Brain Awareness Week

March 16-22 is Brain Awareness Week (BAW), which isn’t intended to make people aware of their brains but rather to be aware of the importance and benefits of brain science research. 2020 marked the 25th anniversary of this commemoration.

Research on the brain holds promise for treating, preventing, or curing various brain disorders, including dementia due to Alzheimer’s disease and addiction.

Brain research revealed that the brains of people who are addicted to alcohol or drugs look different in brain scans. Addiction hijacks the brain’s reward system, releasing the feel-good chemical dopamine.

Continued alcohol or drug abuse rewires the brain to depend on these artificially inflated levels of dopamine while inhibiting the body’s ability to produce dopamine on its own. Even worse, the body prefers the euphoria from alcohol and drugs because it is more intense.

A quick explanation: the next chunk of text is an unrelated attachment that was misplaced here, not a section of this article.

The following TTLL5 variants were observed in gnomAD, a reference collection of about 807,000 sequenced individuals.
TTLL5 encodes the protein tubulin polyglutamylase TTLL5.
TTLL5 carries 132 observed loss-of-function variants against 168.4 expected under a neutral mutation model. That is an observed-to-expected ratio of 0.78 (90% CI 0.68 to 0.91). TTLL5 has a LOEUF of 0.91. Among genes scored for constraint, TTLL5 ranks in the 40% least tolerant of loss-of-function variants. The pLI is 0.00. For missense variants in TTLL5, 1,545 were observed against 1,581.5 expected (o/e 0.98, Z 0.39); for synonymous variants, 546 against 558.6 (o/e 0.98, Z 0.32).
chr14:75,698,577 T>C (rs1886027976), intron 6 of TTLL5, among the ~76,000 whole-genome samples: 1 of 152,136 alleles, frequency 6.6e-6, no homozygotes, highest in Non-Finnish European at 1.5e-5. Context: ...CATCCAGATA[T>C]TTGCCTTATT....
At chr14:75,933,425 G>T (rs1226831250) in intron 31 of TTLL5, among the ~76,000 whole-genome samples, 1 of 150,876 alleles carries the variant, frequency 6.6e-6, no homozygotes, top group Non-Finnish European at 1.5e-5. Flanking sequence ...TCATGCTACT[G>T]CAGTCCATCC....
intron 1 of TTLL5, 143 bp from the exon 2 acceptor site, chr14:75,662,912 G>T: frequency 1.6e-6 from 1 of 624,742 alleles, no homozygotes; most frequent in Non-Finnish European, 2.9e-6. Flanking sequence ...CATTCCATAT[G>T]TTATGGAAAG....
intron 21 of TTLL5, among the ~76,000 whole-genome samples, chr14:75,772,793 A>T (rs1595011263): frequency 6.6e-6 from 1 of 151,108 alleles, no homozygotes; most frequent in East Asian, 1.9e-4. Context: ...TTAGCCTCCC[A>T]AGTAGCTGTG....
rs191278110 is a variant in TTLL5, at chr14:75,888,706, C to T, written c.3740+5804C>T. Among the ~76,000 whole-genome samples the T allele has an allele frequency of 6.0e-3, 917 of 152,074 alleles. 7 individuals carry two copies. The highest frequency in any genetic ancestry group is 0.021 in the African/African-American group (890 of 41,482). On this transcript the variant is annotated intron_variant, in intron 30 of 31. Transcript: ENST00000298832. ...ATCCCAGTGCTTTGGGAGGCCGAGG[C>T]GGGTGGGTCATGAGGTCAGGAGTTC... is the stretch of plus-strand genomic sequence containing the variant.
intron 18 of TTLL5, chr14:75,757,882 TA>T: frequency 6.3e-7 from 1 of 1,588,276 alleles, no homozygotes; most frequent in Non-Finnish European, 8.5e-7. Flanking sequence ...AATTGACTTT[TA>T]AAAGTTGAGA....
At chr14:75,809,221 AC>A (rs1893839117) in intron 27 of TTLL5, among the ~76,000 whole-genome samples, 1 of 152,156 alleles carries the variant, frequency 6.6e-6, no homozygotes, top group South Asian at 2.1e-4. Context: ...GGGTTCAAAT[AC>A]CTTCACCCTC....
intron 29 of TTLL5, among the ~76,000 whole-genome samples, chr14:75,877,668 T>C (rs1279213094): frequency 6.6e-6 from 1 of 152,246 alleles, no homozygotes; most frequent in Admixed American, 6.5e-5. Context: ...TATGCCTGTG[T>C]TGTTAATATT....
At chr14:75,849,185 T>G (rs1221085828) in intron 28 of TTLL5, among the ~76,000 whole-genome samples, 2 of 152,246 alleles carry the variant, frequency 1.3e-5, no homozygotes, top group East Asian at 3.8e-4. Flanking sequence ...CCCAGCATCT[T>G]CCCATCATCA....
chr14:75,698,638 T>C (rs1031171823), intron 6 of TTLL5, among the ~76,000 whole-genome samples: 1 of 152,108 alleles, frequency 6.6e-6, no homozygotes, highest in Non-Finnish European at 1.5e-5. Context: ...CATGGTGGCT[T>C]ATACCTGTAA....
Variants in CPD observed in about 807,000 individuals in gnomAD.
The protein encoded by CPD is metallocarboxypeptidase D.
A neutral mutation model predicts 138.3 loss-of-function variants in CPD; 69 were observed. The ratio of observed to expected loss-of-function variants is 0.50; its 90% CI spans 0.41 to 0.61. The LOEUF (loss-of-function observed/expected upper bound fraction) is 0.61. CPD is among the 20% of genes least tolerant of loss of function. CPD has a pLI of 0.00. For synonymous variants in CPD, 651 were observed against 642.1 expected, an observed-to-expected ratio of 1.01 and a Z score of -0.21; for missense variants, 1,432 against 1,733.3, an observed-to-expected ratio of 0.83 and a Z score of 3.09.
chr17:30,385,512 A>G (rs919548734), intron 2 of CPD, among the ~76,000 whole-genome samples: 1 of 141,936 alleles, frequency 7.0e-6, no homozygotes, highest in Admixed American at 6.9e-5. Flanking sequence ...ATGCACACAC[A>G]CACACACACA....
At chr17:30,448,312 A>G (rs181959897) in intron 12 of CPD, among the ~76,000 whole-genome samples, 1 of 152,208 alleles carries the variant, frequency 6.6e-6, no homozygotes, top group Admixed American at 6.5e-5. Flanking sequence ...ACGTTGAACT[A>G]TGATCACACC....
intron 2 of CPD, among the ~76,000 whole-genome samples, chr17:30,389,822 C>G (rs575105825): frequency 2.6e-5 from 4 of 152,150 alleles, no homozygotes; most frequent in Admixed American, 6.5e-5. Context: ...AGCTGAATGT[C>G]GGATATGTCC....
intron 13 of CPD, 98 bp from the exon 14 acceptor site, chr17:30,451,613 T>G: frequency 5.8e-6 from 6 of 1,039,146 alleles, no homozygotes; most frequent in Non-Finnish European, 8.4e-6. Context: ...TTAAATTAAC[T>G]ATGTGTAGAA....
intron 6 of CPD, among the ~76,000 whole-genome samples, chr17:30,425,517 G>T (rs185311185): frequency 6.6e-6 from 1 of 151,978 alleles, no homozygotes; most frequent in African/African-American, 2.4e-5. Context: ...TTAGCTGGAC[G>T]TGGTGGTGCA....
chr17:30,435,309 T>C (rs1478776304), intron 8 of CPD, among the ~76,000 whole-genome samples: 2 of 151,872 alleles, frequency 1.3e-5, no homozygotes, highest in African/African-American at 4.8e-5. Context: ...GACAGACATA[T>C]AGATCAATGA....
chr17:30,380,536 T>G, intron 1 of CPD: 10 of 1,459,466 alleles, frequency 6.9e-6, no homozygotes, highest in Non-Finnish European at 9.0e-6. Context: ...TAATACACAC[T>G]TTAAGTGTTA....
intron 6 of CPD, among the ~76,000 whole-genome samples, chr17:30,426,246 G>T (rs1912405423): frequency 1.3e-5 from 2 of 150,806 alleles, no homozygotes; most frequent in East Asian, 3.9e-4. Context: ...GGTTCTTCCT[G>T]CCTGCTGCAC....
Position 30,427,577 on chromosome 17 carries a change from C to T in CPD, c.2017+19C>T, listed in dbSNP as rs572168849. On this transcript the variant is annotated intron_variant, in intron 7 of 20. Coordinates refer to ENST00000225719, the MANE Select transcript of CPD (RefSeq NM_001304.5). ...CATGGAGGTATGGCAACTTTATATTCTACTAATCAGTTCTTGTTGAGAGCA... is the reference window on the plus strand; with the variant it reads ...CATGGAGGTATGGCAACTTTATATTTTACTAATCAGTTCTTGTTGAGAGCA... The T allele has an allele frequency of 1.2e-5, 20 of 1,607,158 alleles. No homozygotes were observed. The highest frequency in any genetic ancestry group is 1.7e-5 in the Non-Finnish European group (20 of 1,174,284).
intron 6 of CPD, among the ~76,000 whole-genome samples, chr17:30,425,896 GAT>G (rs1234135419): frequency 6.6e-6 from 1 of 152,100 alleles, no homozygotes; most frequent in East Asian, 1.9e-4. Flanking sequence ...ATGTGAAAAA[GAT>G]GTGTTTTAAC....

That’s why addiction is called a chronic disease, such as diabetes and hypertension, not a moral failing. It’s not a disease you can catch from a germ-covered doorknob or a sneeze, but it represents a real, physical change in the brain that takes more than willpower to fix. It requires constant vigilance, and relapse remains a possibility for as long as you live.

It’s no wonder addiction is so hard to shake. It can be done, but it’s not as simple as just saying no.

Recovery from addiction takes time, work, and commitment.

With cognitive behavioral therapy (CBT) or other therapies, the mind can be trained to resist the compulsion to use drugs, to find alternate ways to cope with life’s pressures and pains.

With medication-assisted treatment (MAT), new drugs—naltrexone, disulfiram, acamprosate for alcohol; methadone, buprenorphine, extended-release naltrexone for opioids—may control your need to use the old drug by preventing withdrawal without euphoria.

With support groups, you can learn from and help others with addiction.

With awareness of how substance use disorder can affect and influence your brain, you can forgive your lapses and relapses and stop your alcohol or drug use again.

For more information about Brain Awareness Week in your area, visit brainawareness.org.

 

Sources
faculty.washington.edu – Brain awareness week
drugabuse.gov – What Does It Mean When We Call Addiction a Brain Disorder?
health.harvard.edu – How addiction hijacks the brain
sunshinebehavioralhealth.com – Reprogramming The Brain After Addiction Treatment
drugabuse.gov – Drugs and the Brain
brainawareness.org – Brain Awareness Week